No such service exists on the Xbox One, but during Microsoft’s E3 2018 presentation, Phil Spencer revealed that his team is currently developing cloud gaming technology that will allow you to play console-quality titles from several devices.
This service was later revealed to be called Project xCloud, and it will allow Xbox games to be played on a variety of lower-powered devices such as mobile phones, and they will be able to use Bluetooth-powered Xbox controllers, as well.
Project xCloud runs on blades made from Xbox One S hardware, which should ensure a gameplay experience similar local Xbox One systems. It is not being created as a replacement for consoles and will be compatible with Xbox systems. A price point has not been revealed yet, but we are estimating it will like cost around $15 per month to maintain a subscription. With Google pricing Stadia at $9.99, and xCloud likely coming with an Xbox Live subscription, an estimated price point of $15 sounds reasonable.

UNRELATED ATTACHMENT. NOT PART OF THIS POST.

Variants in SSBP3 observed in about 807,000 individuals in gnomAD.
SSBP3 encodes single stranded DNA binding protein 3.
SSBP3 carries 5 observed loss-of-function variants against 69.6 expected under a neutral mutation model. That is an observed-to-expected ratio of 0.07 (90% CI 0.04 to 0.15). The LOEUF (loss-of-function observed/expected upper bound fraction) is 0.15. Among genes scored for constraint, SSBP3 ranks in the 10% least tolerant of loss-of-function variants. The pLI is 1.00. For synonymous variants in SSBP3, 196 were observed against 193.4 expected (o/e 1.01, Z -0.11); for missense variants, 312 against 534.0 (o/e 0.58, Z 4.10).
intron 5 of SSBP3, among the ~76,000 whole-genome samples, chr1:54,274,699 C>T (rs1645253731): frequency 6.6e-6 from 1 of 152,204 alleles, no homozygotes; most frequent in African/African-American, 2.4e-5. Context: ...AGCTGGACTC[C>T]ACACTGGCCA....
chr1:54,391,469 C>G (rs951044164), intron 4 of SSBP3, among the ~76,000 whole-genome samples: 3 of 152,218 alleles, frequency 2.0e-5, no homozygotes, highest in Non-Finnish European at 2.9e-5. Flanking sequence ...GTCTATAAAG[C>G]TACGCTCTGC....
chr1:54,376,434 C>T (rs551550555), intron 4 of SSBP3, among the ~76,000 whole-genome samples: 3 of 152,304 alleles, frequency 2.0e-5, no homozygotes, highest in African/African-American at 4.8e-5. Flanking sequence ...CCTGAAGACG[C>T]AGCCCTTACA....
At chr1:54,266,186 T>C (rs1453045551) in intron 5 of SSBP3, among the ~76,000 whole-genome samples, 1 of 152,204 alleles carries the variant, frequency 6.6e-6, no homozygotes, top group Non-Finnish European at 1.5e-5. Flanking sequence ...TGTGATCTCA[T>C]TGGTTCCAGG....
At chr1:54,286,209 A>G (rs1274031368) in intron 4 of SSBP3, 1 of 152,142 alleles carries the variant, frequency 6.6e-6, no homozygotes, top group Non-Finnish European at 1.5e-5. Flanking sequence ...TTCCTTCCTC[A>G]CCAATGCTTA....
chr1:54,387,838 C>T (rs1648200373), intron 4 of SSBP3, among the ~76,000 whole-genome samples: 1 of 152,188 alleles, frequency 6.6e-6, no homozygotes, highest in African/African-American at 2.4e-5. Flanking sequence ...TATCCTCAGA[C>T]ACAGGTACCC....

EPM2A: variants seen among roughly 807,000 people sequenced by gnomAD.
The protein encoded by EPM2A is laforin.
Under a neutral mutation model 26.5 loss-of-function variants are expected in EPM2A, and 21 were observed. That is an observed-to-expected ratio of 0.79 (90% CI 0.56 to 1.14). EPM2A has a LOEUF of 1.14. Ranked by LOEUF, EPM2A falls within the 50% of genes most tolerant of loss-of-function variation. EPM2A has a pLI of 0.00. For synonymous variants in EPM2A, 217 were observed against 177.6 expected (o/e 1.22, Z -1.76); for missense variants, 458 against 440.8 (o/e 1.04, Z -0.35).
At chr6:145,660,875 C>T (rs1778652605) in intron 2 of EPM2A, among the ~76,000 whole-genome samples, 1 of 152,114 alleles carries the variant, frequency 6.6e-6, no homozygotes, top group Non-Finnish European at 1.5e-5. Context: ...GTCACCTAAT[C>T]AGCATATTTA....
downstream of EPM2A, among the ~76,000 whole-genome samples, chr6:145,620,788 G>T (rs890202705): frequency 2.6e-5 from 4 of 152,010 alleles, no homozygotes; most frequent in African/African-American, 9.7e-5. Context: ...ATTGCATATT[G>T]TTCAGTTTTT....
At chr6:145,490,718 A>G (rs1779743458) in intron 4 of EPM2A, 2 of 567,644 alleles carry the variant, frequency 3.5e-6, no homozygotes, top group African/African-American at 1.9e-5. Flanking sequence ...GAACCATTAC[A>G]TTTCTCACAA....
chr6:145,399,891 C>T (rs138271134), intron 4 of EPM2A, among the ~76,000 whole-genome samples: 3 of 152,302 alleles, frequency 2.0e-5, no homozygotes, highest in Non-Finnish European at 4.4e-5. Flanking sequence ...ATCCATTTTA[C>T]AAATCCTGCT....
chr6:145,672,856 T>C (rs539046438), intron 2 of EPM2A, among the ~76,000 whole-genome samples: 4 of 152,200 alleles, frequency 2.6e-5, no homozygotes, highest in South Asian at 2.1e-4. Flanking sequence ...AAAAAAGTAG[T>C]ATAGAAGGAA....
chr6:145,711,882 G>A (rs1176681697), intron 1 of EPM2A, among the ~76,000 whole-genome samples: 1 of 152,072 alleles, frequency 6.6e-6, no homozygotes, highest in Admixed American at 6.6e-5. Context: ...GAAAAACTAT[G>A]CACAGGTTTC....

If Microsoft’s plans for xCloud on Xbox Scarlett are similar to what they are on Xbox One, then players will have a few different options for how they play games over streaming. One will be to subscribe to a service Microsoft has not fully detailed yet, which will also let you play the same games across devices like mobile phones. Separately, you will be able to use your own console as a streaming server, playing every single game you own on your console via a separate device at no charge.